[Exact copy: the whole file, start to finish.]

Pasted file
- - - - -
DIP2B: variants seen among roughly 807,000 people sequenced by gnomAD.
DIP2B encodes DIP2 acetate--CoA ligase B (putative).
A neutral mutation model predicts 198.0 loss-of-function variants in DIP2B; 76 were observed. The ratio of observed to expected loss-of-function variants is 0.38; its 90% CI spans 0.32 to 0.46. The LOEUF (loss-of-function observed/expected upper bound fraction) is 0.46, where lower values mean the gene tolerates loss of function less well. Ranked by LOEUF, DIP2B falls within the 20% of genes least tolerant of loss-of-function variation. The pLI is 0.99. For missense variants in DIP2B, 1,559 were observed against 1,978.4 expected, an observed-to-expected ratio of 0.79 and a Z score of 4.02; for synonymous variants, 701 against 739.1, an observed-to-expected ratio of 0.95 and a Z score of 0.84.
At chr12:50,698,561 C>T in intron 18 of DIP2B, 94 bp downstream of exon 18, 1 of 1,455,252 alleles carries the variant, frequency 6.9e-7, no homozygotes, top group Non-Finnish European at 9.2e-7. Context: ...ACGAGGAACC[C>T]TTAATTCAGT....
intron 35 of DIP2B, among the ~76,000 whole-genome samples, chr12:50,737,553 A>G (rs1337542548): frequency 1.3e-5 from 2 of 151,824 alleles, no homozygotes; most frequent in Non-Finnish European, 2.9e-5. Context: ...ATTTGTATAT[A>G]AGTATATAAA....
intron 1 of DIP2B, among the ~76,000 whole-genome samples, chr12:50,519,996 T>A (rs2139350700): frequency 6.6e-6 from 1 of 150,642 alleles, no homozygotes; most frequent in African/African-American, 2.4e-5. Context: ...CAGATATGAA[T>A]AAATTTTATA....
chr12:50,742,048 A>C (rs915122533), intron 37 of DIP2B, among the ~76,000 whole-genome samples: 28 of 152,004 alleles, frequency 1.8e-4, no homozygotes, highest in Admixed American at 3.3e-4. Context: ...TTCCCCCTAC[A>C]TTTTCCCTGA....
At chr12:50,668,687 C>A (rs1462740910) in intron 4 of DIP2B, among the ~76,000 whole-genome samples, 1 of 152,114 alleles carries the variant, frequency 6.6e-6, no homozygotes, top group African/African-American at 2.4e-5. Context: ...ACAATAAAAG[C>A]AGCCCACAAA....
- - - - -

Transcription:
DIP2B: variants seen among roughly 807,000 people sequenced by gnomAD.
DIP2B encodes DIP2 acetate--CoA ligase B (putative).
A neutral mutation model predicts 198.0 loss-of-function variants in DIP2B; 76 were observed. The ratio of observed to expected loss-of-function variants is 0.38; its 90% CI spans 0.32 to 0.46. The LOEUF (loss-of-function observed/expected upper bound fraction) is 0.46, where lower values mean the gene tolerates loss of function less well. Ranked by LOEUF, DIP2B falls within the 20% of genes least tolerant of loss-of-function variation. The pLI is 0.99. For missense variants in DIP2B, 1,559 were observed against 1,978.4 expected, an observed-to-expected ratio of 0.79 and a Z score of 4.02; for synonymous variants, 701 against 739.1, an observed-to-expected ratio of 0.95 and a Z score of 0.84.
At chr12:50,698,561 C>T in intron 18 of DIP2B, 94 bp downstream of exon 18, 1 of 1,455,252 alleles carries the variant, frequency 6.9e-7, no homozygotes, top group Non-Finnish European at 9.2e-7. Context: ...ACGAGGAACC[C>T]TTAATTCAGT....
intron 35 of DIP2B, among the ~76,000 whole-genome samples, chr12:50,737,553 A>G (rs1337542548): frequency 1.3e-5 from 2 of 151,824 alleles, no homozygotes; most frequent in Non-Finnish European, 2.9e-5. Context: ...ATTTGTATAT[A>G]AGTATATAAA....
intron 1 of DIP2B, among the ~76,000 whole-genome samples, chr12:50,519,996 T>A (rs2139350700): frequency 6.6e-6 from 1 of 150,642 alleles, no homozygotes; most frequent in African/African-American, 2.4e-5. Context: ...CAGATATGAA[T>A]AAATTTTATA....
chr12:50,742,048 A>C (rs915122533), intron 37 of DIP2B, among the ~76,000 whole-genome samples: 28 of 152,004 alleles, frequency 1.8e-4, no homozygotes, highest in Admixed American at 3.3e-4. Context: ...TTCCCCCTAC[A>C]TTTTCCCTGA....
At chr12:50,668,687 C>A (rs1462740910) in intron 4 of DIP2B, among the ~76,000 whole-genome samples, 1 of 152,114 alleles carries the variant, frequency 6.6e-6, no homozygotes, top group African/African-American at 2.4e-5. Context: ...ACAATAAAAG[C>A]AGCCCACAAA....